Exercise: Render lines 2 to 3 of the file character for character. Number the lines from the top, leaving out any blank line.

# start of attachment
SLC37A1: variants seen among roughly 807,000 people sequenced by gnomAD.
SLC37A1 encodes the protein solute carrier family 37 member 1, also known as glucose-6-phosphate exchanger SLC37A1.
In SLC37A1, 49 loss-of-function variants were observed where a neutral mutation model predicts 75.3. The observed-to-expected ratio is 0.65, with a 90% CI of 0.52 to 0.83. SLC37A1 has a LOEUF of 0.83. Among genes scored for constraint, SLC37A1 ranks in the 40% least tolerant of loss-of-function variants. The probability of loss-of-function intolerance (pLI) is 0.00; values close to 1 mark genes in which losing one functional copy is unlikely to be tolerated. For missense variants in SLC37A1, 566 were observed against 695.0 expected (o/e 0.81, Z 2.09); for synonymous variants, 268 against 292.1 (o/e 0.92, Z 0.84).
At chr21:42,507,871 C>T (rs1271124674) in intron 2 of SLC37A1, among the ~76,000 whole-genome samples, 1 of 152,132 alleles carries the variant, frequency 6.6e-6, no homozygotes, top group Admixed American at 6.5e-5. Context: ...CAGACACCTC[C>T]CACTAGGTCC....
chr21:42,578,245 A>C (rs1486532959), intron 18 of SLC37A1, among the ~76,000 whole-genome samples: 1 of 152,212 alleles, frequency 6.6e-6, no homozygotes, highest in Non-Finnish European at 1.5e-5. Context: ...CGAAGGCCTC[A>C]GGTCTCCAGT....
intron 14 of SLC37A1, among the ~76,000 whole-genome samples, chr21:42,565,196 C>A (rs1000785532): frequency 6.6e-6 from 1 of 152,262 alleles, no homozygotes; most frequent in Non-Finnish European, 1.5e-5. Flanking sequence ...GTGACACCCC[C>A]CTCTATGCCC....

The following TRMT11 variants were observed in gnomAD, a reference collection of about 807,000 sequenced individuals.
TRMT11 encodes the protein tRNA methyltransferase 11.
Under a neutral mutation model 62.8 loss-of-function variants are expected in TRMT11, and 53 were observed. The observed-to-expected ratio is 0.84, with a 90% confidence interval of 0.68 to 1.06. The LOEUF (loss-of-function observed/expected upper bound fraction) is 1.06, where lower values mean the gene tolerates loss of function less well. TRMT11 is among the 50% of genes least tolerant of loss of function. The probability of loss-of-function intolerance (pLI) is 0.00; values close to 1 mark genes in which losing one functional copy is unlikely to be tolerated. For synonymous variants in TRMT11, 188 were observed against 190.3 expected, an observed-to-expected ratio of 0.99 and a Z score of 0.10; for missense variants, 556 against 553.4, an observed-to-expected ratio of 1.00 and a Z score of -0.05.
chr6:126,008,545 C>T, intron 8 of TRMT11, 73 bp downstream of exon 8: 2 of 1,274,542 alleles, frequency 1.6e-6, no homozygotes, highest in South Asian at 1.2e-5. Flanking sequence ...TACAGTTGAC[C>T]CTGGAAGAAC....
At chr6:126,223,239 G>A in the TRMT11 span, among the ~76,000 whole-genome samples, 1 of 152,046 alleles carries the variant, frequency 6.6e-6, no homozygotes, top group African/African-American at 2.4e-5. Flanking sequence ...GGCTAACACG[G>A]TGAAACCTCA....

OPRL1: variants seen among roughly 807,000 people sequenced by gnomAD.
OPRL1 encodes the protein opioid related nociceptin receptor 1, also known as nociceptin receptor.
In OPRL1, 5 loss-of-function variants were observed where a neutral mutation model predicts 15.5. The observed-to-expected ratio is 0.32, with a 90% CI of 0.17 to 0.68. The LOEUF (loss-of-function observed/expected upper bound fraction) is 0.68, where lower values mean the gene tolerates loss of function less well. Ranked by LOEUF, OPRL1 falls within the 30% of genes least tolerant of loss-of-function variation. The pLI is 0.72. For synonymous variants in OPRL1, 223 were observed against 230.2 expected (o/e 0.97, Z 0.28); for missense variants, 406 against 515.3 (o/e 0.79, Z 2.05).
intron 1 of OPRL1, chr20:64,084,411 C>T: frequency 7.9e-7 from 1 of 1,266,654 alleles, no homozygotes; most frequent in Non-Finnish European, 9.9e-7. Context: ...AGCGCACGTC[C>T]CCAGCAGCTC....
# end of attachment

SLC37A1 encodes the protein solute carrier family 37 member 1, also known as glucose-6-phosphate exchanger SLC37A1.
In SLC37A1, 49 loss-of-function variants were observed where a neutral mutation model predicts 75.3. The observed-to-expected ratio is 0.65, with a 90% CI of 0.52 to 0.83. SLC37A1 has a LOEUF of 0.83. Among genes scored for constraint, SLC37A1 ranks in the 40% least tolerant of loss-of-function variants. The probability of loss-of-function intolerance (pLI) is 0.00; values close to 1 mark genes in which losing one functional copy is unlikely to be tolerated. For missense variants in SLC37A1, 566 were observed against 695.0 expected (o/e 0.81, Z 2.09); for synonymous variants, 268 against 292.1 (o/e 0.92, Z 0.84).